“I get a lot of questions on why people are excited about it. That’s even from some of my programmer friends that know the crypto space,” she says. “They don’t understand why people are buying it.”

“You can’t just make an NFT, release it into the wild, and automatically somebody is going to buy it,” she adds. “You have to promote it. You have to put the legwork into it. You know, a lot of times you have to become more involved with that community. All that takes time. And if that’s not your core audience, it probably doesn’t make sense for you to do.”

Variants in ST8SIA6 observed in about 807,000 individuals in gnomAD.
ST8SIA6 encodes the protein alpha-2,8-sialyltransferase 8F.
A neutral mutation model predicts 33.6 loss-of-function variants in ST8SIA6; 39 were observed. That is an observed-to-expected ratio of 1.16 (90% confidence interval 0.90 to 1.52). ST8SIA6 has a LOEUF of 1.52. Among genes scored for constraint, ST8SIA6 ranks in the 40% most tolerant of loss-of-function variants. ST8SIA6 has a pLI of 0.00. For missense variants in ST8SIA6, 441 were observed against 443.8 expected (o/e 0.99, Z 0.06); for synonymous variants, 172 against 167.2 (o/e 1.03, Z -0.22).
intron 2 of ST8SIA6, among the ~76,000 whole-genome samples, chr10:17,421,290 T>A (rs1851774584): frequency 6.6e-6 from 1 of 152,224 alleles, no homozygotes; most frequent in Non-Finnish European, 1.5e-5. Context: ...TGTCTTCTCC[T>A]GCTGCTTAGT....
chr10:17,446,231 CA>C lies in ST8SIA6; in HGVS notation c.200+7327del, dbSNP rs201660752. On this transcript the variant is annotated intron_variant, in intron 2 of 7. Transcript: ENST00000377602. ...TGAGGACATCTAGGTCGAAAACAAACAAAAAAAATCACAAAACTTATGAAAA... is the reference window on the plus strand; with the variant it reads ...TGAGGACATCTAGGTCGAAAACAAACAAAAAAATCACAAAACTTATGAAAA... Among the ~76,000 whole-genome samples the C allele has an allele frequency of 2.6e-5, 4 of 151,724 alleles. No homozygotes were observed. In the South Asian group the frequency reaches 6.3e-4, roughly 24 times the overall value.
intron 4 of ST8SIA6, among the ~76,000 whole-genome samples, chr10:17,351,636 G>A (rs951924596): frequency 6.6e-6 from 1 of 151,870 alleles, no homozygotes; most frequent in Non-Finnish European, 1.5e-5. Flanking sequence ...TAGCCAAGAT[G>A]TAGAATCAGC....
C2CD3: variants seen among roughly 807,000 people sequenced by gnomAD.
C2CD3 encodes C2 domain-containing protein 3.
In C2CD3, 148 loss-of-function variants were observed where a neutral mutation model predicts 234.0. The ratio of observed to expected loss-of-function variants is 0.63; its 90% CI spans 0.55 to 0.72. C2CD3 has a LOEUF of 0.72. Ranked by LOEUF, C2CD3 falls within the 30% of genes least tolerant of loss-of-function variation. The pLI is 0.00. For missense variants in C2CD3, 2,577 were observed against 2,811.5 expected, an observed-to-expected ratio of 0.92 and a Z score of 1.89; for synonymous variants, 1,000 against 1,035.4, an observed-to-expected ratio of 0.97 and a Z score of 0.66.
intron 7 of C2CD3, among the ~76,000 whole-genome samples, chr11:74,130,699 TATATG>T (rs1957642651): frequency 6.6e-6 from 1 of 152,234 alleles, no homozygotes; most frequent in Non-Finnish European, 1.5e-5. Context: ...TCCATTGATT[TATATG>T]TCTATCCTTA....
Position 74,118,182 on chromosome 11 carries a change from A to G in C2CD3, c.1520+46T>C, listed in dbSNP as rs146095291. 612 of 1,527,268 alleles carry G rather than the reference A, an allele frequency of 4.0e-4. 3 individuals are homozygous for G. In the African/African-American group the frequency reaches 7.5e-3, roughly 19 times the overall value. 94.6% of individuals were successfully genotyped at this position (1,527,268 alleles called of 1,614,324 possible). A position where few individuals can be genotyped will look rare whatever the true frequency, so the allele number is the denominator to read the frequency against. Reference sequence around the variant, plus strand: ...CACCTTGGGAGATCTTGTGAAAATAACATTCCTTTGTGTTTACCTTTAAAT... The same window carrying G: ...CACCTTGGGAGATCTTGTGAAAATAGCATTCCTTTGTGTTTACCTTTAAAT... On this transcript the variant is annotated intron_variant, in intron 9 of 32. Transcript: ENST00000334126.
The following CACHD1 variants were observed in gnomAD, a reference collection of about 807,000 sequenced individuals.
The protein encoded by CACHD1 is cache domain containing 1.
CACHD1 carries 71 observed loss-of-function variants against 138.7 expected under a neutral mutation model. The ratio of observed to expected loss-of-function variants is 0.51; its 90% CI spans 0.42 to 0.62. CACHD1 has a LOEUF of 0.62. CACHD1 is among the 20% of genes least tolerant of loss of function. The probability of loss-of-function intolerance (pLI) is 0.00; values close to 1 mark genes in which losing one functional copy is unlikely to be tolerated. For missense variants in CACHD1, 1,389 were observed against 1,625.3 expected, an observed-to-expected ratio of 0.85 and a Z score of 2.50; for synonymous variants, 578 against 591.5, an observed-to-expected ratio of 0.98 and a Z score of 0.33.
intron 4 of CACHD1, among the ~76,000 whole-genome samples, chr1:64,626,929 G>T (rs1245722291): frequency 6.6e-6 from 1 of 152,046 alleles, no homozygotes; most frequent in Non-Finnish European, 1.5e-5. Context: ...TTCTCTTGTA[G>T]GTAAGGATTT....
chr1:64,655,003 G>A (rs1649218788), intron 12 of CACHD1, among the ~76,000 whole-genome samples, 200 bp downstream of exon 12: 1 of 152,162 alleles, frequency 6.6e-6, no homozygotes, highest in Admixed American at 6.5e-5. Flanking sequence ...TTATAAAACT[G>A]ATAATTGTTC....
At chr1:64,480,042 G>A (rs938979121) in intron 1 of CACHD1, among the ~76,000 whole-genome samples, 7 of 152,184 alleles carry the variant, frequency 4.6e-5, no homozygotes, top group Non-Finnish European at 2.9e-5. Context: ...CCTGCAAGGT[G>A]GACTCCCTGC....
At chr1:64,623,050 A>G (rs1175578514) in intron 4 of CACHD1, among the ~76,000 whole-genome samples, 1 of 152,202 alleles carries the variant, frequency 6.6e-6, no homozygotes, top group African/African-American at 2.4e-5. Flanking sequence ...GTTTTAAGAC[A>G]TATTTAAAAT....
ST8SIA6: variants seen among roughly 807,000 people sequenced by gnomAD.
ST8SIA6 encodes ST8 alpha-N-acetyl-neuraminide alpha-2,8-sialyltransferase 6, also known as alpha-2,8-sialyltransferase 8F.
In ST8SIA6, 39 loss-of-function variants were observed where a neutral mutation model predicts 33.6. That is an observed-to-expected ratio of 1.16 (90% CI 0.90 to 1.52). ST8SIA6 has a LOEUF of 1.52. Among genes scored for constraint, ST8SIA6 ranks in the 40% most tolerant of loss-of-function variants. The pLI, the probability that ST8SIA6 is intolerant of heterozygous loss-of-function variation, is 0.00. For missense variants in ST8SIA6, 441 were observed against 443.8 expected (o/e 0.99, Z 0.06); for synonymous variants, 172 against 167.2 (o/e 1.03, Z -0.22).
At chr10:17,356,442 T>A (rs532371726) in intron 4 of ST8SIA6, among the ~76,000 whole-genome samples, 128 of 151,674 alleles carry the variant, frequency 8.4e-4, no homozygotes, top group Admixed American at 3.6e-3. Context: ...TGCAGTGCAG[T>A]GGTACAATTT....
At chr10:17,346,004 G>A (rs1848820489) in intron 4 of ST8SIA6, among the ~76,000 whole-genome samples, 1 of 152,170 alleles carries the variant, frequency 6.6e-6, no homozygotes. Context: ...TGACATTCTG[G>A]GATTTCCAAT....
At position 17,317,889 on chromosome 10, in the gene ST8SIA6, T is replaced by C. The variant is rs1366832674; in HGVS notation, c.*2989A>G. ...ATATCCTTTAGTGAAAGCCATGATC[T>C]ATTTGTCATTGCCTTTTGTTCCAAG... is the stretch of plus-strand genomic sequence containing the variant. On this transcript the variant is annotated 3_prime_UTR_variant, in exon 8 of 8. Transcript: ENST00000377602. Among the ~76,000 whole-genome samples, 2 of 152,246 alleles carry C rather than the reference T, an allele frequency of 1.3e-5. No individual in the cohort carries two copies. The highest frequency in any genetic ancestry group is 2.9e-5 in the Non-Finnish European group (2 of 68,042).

Parker worries about the business model of these marketplaces, and the promises they make to artists. Anyone who lists work typically has to pay a fee to do so—easily about $100. “For small artists, that’s a lot to gamble on,” she says. “Artists are being sold this dream of riches and more control, but they’re just being used to boost the speculative value and prestige of cryptocurrency.”